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Finances & Money

Can we be a single-income household?

Stacie is having some trouble at work. Well, technically, it’s trouble with the commute to work, the management at work, and some of her coworkers. She puts in too long hours for too little reward, especially compared to her fellow dietitians. The commute is wearing on her more and more daily (she drives from MD to VA) and I’m just waiting for her to snap.

A few months ago, I told her she could just quit, work on her blog (Building Nutrition), and take time to work on her own outpatient consulting business. She didn’t take me seriously and I didn’t push it at the time.

But this past weekend, Stacie and I met up with some old friends from PA, and they asked how things were at the hospital. She related how management isn’t supporting them and she doesn’t feel that she’s providing quality patient care because of the politics. In addition, the managers are contractors, while all the dietitians are hospital employees. Thus, management has dual-allegiances. Lastly, her boss’s boss left last week, and she was Stacie’s only real management support. It’s just a mess and doesn’t look to be getting better as a new contracting agency might come in who’s known to be even worse than the current one.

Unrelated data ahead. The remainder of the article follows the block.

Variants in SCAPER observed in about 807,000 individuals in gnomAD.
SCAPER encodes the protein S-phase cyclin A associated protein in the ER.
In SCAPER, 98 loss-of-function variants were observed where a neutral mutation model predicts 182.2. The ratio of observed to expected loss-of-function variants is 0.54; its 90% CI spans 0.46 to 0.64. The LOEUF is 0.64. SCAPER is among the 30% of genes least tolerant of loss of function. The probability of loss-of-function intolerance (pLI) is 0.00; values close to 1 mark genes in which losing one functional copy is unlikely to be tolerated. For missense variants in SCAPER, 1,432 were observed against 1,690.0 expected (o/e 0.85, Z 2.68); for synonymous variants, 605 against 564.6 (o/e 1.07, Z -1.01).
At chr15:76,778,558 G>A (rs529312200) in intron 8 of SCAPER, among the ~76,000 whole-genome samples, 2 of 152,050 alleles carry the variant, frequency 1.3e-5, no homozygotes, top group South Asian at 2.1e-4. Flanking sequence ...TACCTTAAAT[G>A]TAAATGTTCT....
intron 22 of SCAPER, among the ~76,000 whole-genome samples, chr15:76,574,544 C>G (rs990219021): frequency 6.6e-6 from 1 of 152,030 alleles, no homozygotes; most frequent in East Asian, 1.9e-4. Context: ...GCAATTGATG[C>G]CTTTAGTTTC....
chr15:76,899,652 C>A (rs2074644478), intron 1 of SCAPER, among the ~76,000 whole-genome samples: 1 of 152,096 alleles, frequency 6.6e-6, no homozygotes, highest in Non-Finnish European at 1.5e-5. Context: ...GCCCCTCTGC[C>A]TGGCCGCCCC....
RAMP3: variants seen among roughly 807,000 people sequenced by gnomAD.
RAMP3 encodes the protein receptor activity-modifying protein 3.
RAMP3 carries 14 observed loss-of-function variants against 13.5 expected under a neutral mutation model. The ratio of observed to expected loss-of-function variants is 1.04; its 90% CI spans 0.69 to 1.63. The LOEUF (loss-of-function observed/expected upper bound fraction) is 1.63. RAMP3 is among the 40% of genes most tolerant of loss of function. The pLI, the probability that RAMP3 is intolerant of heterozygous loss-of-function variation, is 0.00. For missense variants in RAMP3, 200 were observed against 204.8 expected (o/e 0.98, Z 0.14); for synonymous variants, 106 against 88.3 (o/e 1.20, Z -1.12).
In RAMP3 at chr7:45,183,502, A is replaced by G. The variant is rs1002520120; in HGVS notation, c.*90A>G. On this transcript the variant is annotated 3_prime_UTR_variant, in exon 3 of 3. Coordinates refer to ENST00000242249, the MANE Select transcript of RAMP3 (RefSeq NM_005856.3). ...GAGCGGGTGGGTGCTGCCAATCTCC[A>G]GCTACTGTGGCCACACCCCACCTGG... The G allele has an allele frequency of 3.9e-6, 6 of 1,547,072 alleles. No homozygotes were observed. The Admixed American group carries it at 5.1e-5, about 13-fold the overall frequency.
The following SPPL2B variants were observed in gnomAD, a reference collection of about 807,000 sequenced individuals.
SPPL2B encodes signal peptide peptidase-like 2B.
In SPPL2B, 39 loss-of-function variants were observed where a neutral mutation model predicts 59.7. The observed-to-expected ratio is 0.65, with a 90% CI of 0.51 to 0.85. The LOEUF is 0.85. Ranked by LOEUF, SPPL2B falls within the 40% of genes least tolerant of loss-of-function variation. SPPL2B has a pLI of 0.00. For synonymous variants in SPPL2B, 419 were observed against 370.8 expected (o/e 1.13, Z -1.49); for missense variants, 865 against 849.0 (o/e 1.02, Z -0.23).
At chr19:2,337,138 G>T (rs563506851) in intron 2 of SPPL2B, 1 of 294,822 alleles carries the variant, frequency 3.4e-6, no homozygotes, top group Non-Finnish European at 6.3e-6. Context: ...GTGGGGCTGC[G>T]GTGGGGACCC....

While we were talking with our friends, Stacie turned to me and seriously asked if we could live off my salary alone. I did some quick math in my head and responded Yes. And that doesn’t even count the income from this website.